ECSHOF Hall of Famers Inducted into the Huntington Beach Surfing Walk of Fame
It is no mystery why Huntington Beach, California trademarked the moniker “Surf City USA.” Its world-famous Pier was the site of one of the world’s first open surfing championships, the West Coast Surfing Championship in 1959. Since then countless surfing competitions have been held on both the south and north side sandbars, including the Katin Pro-Am, Op Pro and since 1994 the U.S. Open of Surfing.
Directly across Pacific Coast Highway from the mouth of the Pier, surf shops have lined both PCH and Main Street since the 60s. Many of the early local surf stars opened shops selling surfboards under their own name: Chuck Dent, Bob “The Greek” Bolen, Gordie Duane, Robert August, Wayne Brown, Randy Lewis and others.
On the south corner of PCH and Main sits Huntington Surf & Sport, a retail juggernaut, and directly across the street, Jack’s Surfboards, an institution in HB since the 1960s. On any given day, hundreds, if not a thousand, people shop in Jack’s. Back in 1995, Jack’s began inducting famous surfers – local and international – into the newly created Huntington Beach Surfing Walk of Fame. Each inductee has a gorgeous stone surfer with their name and category placed permanently on the sidewalk bordering Jack’s. The list of past Inductees reads as a “who’s who” in surfing, luminaries from Duke Kahanamoku to 11x World Champ Kelly Slater.
2020 was the Walk of Fame’s 25th year, and every year the event is held during the U.S Open of Surfing waiting period. This year hundreds of spectators and the inductees’ friends and families took a break from watching the pros compete to celebrate the nine new inductees on Thursday Oct. 7th. This year two of the East Coast’s all-time surfing greats, Cecil Lear and Mike Tabeling, were inducted.
Cecil shared his induction in the Surfing Culture category with long time mentor and friend Lewis “Hoppy” Swarts. Accepting for Hoppy, who passed away in 1988, was his son, Buzz. Hoppy is long considered the “father of organized competitive surfing,” having created a judging and scoring system in 1961 when he founded the United States Surfing Association that is still the basis for what is in use today. In his acceptance speech, Buzz noted the strong ties between his father, Hoppy, and Cecil , who is credited with co-founding the Eastern Surfing Association (ESA) after following Hoppy’s advice and learning his system.
Accepting for East Coast super-star Mike Tabeling, who passed away in 2014, was his son, Travis, and wife, Nancy. Tabeling, considered one of the greatest East Coast surfers ever, competed in the ISF (now ISA) World Championships in 1966, 1968, and 1970, and was invited to the 1970 and 1971 Expression Session events on the North Shore of O’ahu. Tabeling was featured in John Severson’s seminal 1970 movie, “Pacific Vibrations,” and was also the first East Coaster to make the cover of Severson’s Surfer magazine in 1971.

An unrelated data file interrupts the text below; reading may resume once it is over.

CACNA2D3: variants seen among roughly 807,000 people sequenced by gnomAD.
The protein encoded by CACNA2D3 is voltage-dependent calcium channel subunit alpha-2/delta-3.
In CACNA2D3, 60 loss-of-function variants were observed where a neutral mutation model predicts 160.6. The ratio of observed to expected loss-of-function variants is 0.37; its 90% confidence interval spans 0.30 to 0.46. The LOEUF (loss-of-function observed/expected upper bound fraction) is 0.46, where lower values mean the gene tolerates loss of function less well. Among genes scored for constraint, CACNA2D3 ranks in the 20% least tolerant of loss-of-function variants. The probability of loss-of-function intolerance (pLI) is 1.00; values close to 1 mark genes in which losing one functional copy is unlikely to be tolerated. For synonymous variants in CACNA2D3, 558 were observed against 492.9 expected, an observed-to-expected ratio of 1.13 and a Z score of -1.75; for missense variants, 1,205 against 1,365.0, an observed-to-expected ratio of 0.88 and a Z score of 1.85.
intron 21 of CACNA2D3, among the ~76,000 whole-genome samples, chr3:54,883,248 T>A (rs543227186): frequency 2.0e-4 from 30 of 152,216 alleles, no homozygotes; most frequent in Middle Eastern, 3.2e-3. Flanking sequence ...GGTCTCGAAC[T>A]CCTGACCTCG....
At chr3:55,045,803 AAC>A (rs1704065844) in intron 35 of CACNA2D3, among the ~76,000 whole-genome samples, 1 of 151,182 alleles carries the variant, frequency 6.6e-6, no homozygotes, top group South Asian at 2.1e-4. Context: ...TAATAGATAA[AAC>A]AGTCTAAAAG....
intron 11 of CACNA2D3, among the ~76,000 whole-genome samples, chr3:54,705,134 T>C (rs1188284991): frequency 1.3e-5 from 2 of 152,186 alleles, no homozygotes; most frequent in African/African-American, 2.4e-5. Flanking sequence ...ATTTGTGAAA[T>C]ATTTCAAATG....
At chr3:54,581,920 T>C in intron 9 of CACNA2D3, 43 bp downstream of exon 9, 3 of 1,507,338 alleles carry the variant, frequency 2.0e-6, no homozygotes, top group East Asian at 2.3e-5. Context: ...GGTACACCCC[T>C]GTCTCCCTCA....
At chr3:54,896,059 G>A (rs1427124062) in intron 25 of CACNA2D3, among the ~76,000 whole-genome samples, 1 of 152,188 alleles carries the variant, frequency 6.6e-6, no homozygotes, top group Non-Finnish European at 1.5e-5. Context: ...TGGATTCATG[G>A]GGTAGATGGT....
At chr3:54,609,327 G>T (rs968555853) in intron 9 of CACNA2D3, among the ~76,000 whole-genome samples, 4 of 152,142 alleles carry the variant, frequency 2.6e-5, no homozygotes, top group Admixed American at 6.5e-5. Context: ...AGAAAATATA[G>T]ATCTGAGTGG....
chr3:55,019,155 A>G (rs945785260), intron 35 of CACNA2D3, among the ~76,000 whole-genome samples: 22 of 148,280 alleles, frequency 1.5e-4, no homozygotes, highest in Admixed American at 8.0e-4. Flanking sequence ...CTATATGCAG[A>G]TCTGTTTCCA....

For a time Tabeling was considered one of the world’s best surfers. While Travis acknowledged his dad’s competitive spirit, it was his dad’s “shared stoke of surfing with all he met, which stood out the most to so many.” Tabeling shared that stoke with Nancy, right up to his passing in ways only he could, with his wife right by his side. Tabeling is the first East Coast surfer to be inducted into the Surfing Pioneer category of the Huntington Beach Surfing Walk of Fame. He was also in the first Class of 1996 inducted into the East Coast Surfing Hall of Fame. Before that, 4X World Champion Frieda Zamba, from New Smyrna Beach, Florida, was the first East Coaster to be inducted in the Woman of the Year category, and Kelly Slater as the first men’s east coaster to be inducted in 2002 in the Surf Champion category.
Also inducted this year were Olympic Gold Medalist and 4X WSL Champion Carissa Moore (Woman of the Year), ASP World Champion Damien Hardman (Surf Champion), Mike Downey (Local Hero), Dr. Tim Brown (Honor Roll) and Ron Abdelfattah, co-owner of Jack’s Surf Shop (Honor Roll).
While Cecil may not boast an impressive competition win list, he is renowned for his efforts to better surfing for all surfers worldwide, not just the East Coast. Cecil’s list of accomplishments in many ways is far more impressive than any string of contest wins. He is the co-founder of the New Jersey Surfing Association as well as its President from 1963–1967. He is co-founder of the Eastern Surfing Association (ESA), and served as its Competition Director from 1967–1970. From 1971 to 2017, he was the ESA’s Secretary and Historian. In 1996, he co-founded, with Greg “Da Bull” Noll, the East Coast Surfing Hall of Fame and served as its President from 1996 to 2017, now serving as President Emeritus.
Lear is also a member of the ECSHOF Class of 1996 and the New Jersey Surfing Hall of Fame Class of 2015. Cecil has two namesake awards, one in each the New Jersey Surfing Hall of Fame and the East Coast Surfing Hall of Fame. In 1969 he was given the Surfer magazine, Surfers Cup Award; in 1974, the Nancy Katin Special Recognition Award; and in 2015 he was presented the Surfing Heritage and Culture Center (SHACC) Lifetime Achievement Award at a formal ceremony held at The Smithsonian in Washington D.C. during the 50th Anniversary of “The Endless Summer” celebration.
Also in attendance were Cecil’s wife of 65+ years, Mary Lou, daughter Nancy, and more than a dozen East Coast surfing luminaries including ECSHOF Board members Gary Germain and Bob Mignogna (Class of 2008), Jim Cartland (Class of 2008), artist Phil Roberts (Class of 2016), Tyler Callaway (Class of 2018), long-time friend, Malibu’s Henry Ford, SHACC’s former Executive Director Glenn Brumage and surfing’s first World Champ, PT Townend as Master of Ceremonies, and others proudly sitting front and center to witness two East Coast surfing icons induction into the prestigious Huntington Beach Surfing Walk of Fame.